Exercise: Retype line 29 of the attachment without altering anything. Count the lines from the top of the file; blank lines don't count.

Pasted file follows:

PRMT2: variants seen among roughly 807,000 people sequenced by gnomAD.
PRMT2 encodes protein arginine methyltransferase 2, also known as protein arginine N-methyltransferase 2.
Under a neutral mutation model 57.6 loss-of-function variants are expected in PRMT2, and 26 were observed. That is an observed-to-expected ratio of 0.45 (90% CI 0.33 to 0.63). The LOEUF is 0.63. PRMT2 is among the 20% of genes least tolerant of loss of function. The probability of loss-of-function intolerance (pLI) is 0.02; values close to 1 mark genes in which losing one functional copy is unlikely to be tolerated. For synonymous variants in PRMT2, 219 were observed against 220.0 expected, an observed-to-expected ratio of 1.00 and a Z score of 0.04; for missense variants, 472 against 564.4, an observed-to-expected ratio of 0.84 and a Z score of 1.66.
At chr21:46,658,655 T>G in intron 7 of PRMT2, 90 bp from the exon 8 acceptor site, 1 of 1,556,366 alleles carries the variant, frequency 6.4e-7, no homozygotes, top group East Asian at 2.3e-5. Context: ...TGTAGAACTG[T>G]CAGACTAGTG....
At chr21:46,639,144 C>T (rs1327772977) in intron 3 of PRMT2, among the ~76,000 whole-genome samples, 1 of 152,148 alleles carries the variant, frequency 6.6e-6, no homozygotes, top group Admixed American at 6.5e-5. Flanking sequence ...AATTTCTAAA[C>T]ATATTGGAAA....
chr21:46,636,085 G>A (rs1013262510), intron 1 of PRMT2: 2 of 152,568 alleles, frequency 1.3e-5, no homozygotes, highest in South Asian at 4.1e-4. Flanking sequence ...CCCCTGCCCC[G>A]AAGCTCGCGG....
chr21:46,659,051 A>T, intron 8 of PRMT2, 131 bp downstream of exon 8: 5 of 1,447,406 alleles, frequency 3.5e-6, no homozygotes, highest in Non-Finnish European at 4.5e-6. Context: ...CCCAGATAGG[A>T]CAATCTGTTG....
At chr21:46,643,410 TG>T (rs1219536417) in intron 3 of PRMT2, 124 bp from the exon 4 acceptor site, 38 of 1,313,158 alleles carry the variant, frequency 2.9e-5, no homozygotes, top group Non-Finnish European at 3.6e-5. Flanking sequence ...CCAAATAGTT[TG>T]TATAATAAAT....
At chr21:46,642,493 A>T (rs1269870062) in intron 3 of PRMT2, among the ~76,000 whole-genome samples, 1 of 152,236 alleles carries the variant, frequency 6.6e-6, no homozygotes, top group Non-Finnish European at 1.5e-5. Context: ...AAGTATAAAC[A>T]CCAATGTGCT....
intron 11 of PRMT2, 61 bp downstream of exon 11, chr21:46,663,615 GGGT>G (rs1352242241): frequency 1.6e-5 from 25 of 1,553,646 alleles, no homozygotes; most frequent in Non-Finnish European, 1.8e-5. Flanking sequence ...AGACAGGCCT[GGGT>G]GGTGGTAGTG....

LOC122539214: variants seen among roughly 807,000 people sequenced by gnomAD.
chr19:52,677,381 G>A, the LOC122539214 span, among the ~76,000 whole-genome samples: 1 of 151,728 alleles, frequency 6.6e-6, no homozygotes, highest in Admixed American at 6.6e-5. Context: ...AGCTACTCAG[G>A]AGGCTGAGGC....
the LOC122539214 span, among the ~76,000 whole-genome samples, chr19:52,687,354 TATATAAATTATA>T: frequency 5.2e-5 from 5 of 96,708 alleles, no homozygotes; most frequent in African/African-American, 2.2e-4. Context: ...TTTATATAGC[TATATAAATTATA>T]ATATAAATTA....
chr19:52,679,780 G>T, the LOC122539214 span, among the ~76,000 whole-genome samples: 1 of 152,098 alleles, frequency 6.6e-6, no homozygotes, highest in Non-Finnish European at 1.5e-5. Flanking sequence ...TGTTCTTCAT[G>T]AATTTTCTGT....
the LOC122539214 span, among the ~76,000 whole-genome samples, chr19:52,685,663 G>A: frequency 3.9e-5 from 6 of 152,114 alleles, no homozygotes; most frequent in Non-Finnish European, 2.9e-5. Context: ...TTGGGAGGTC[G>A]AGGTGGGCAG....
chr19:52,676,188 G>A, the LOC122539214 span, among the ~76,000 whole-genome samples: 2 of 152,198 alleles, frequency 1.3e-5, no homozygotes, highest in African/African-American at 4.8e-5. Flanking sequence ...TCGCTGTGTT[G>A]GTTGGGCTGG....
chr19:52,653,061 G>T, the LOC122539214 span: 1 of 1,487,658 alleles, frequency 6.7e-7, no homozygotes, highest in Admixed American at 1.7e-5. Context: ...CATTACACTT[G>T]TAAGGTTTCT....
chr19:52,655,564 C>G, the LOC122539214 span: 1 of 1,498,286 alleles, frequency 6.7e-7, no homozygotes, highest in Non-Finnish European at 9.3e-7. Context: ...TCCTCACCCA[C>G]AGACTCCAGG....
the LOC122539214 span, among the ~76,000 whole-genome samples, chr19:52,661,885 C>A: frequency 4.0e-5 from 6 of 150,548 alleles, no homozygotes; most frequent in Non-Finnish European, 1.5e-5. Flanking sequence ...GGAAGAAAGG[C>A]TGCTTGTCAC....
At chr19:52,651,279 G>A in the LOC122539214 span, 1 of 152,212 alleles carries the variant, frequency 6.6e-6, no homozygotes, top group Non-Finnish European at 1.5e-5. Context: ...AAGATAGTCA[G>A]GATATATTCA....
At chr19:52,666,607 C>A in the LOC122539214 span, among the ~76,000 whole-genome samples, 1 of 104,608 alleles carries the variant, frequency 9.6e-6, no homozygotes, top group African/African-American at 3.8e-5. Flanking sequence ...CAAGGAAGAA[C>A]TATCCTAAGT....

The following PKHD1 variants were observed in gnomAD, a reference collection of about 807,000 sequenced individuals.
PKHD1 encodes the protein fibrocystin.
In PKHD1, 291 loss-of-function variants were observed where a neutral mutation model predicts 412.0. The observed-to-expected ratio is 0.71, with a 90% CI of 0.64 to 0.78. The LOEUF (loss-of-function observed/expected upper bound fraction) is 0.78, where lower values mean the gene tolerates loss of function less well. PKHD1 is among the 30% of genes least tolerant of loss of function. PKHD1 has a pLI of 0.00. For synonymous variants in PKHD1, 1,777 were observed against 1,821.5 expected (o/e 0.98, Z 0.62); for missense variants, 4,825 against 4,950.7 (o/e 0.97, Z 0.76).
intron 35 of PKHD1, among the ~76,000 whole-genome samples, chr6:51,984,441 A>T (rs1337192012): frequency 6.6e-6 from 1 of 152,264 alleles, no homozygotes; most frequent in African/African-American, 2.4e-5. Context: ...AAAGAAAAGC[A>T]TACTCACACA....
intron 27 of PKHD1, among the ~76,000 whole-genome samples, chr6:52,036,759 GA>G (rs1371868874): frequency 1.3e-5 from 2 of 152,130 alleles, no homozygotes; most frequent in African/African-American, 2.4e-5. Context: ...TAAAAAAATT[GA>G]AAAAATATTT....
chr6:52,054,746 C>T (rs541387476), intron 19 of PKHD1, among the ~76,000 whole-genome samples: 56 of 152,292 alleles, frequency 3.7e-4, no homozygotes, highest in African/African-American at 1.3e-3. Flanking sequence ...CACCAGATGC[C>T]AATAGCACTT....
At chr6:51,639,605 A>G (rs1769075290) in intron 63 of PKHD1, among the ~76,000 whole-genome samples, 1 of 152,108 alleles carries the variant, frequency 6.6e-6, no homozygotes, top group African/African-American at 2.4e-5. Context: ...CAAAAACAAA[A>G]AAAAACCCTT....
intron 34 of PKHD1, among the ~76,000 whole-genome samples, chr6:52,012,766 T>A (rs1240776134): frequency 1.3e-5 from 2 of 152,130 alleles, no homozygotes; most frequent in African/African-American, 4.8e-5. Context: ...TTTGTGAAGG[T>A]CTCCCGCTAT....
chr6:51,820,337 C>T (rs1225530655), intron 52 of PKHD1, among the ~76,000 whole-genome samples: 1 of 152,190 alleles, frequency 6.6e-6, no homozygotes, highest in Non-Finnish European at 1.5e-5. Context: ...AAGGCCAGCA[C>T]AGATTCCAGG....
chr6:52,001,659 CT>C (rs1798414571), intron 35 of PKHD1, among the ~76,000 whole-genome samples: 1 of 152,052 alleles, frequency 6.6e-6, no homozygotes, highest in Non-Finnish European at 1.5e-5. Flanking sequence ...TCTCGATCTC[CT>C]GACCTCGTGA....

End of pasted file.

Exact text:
intron 34 of PKHD1, among the ~76,000 whole-genome samples, chr6:52,012,766 T>A (rs1240776134): frequency 1.3e-5 from 2 of 152,130 alleles, no homozygotes; most frequent in African/African-American, 4.8e-5. Context: ...TTTGTGAAGG[T>A]CTCCCGCTAT....